The Economics of Perfect Software

Ask 100 CEOs of software companies if they want to ship software with bugs. What will they say? 50 won’t answer at all, saying something about how bugs are a huge problem in the industry that needs to be addressed; 40 will say “Of course not!” and promptly call their shark tank in preparation for a lawsuit; 9 will hang their heads and say “we can’t help it”; and that last 1 will look you straight in the eye and say “Absolutely.”

I have no idea what that last guy’s doing heading up a software company, because he studied economics.

Software can’t be written bug-free, so if you want to ship perfect software you have to fix the bugs that burrow their way into your code. (And just to head this one off at the pass: No, unit testing, agile processes, scrum, and whatever methodology du jour you may be thinking of won’t prevent all bugs from entering your code base. If I’m wrong, I’m sure you’ll tell me in the comments.)

As you’d expect, the more time and money you throw at fixing bugs, the more bugs you’ll fix. But, unfortunately, our old nemesis from economics, the Law of Diminishing Returns, applies to this process. Formally, the Law states that “the marginal production of a factor of production starts to progressively decrease as the factor is increased, in contrast to the increase that would otherwise be normally expected.” In regular-people English, that just means that how much you get out of a process isn’t the same as what you put in across the board. Instead, you end up with a quick ramp on output at the low end of input, and a long tail on output at the high end of input.

For example, imagine a program has 100 bugs, and we know it will take 100 units of effort to find and fix all 100 of those bugs. The Law of Diminishing Returns tells us that the first 40 units of effort would find the first 70 bugs, the next 30 units of effort would find the next 20 bugs, and the next 30 units of effort would find the last 10 bugs. This means that the first 70 bugs (the shallow bugs) are cheap to find and squash at only 40 / 70 = 0.571 units of work per per bug (on average). The next 20 bugs (the deep bugs) are significantly more expensive at 30 / 20 = 1.5 units of effort per bug, and the final 10 bugs (the really deep bugs) are astronomically expensive at 30 / 10 = 3 units of effort per bug. The last 10 bugs are more than 5 timesmore time- and capital-intensive to eliminate per bug than the first 70 bugs. In terms of effort, the difference between eliminating most bugs (say 70%-90%) and all bugs is huge, to the tune of a 2x difference in effort and cost.

And in real life it’s actually worse than that. Because you don’t know when you’ve killed the last bug — there’s no countdown sign, like we had in our example — you have to keep looking for more bugs even when they’re all dead just to make sure they’re all dead. If you really want to kill all the bugs, you have to plan for that cost too.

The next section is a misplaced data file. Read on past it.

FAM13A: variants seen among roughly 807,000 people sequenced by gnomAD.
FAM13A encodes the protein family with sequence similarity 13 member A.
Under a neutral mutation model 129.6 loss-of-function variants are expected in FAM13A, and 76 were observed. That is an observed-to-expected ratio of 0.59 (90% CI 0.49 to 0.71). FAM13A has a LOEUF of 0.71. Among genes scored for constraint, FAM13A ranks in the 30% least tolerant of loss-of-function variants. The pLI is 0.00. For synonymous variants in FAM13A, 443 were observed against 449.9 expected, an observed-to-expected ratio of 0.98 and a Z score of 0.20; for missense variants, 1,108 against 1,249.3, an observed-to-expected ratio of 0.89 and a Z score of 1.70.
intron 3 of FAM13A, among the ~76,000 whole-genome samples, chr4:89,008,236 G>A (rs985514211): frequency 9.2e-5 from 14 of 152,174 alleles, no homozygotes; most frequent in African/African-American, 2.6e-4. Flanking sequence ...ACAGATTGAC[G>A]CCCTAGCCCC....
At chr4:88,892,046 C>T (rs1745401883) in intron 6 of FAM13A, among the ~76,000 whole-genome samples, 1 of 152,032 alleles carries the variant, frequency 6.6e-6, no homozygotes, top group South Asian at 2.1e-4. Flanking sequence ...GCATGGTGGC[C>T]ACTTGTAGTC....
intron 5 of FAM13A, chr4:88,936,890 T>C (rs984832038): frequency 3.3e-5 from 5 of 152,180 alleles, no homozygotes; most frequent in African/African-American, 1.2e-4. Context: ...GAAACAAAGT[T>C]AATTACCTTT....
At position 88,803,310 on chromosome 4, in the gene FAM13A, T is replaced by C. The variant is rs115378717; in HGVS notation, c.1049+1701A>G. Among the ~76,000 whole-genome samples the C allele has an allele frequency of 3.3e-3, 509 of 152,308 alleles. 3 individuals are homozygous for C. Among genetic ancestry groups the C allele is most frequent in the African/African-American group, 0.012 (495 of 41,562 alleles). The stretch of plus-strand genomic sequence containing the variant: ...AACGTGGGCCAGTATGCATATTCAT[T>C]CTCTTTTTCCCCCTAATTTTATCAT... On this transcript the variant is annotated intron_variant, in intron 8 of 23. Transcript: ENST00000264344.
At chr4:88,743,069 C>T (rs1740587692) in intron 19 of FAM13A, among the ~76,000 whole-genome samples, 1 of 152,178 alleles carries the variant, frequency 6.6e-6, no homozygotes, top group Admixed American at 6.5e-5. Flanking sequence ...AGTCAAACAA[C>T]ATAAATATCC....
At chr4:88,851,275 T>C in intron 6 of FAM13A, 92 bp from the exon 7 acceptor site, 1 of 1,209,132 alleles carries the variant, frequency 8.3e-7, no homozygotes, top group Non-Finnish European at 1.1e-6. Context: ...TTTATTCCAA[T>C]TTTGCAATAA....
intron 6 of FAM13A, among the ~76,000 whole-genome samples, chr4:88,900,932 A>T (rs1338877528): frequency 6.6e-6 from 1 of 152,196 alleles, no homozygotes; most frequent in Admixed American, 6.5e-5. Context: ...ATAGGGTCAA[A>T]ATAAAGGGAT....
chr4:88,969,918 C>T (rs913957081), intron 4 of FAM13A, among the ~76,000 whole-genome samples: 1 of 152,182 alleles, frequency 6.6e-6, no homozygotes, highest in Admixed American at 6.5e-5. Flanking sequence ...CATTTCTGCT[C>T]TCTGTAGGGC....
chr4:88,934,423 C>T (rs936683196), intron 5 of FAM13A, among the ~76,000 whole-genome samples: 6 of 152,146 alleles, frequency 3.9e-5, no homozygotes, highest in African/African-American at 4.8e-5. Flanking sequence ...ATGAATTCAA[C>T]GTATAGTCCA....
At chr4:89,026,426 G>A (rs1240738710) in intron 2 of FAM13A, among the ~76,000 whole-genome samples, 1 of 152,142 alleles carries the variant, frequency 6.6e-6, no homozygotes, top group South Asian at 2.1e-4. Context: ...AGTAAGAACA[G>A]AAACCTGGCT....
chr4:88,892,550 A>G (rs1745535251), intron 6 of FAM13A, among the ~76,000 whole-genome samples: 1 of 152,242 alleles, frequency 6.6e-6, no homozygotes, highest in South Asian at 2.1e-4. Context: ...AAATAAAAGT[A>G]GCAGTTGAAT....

So killing all the bugs in a program is expensive. But let’s imagine for a minute that a software company decides to do it anyway. Software companies don’t set goals like “ship with no bugs” — they set goals like “ship on November 19th” instead — so this new goal would require changes to the company’s testing team and/or development schedule (either planned or unplanned), which in turn would imply an increase in their budget. Now, who do you imagine will pay the difference on their budget? The Company? (Heh.) If you haven’t worked in software, let me give you a hint: uh uh. The company will pass the cost on to the customer. So if you like software you can afford, I have news: you like buggy software. (And Open Source software is the same, by the way, except that instead of having to pay more and wait longer, you’d just have to wait longer. And possibly put up with more-ornery-than-normal developers.)

Now, to be clear, I’m not saying that companies should ship software with lots of big bugs. I’m saying they should ship it with a few little ones.

How do you know whether a bug is big or little? Think about who’s going to hit it, and how mad they’ll be when they do. If a user who goes through three levels of menus, opens an advanced configuration window, checks three checkboxes, and hits the ‘A’ key gets a weird error message for his trouble, that’s a little bug. It’s buried deep, and when the user hits it, he says “huh,” clicks a button, and then goes on his merry way. If your program crashes on launch for a common setup, though, that’s a big bug. Lots of people will hit it, and they will all be pissed.

Ergo, I propose the Golden Rules for Deciding When Your Software Is Ready for Prime Time. The Golden Rules state that you should keep testing your software and fixing bugs until the new bugs you find:

  1. Aren’t embarrassing to your company.
  2. Won’t tick off your customers.

The cost of fixing all the bugs in your program and then being sure you fixed them all is way too high compared to the cost of having a few users hit some bugs they won’t care about. The mindset here is not to use your customers as your testers — you’re bound to violate the golden rules if you do that — but rather to recognize that not all bugs are created equal, and some bugs justify not shipping a product while others don’t. Don’t be afraid to ship software with bugs. If you’ve got a good product that people want, a couple bugs won’t bother them at all, especially if updates to your product are easy to deploy, as they are with SaaS or a web application.

If your testing passes the Golden Rules, then your customers want your software more than they want you to fix the few little bugs that are left. So release already!

Oh, and don’t forget to ask that last CEO for stock tips. Economists always have the best portfolios.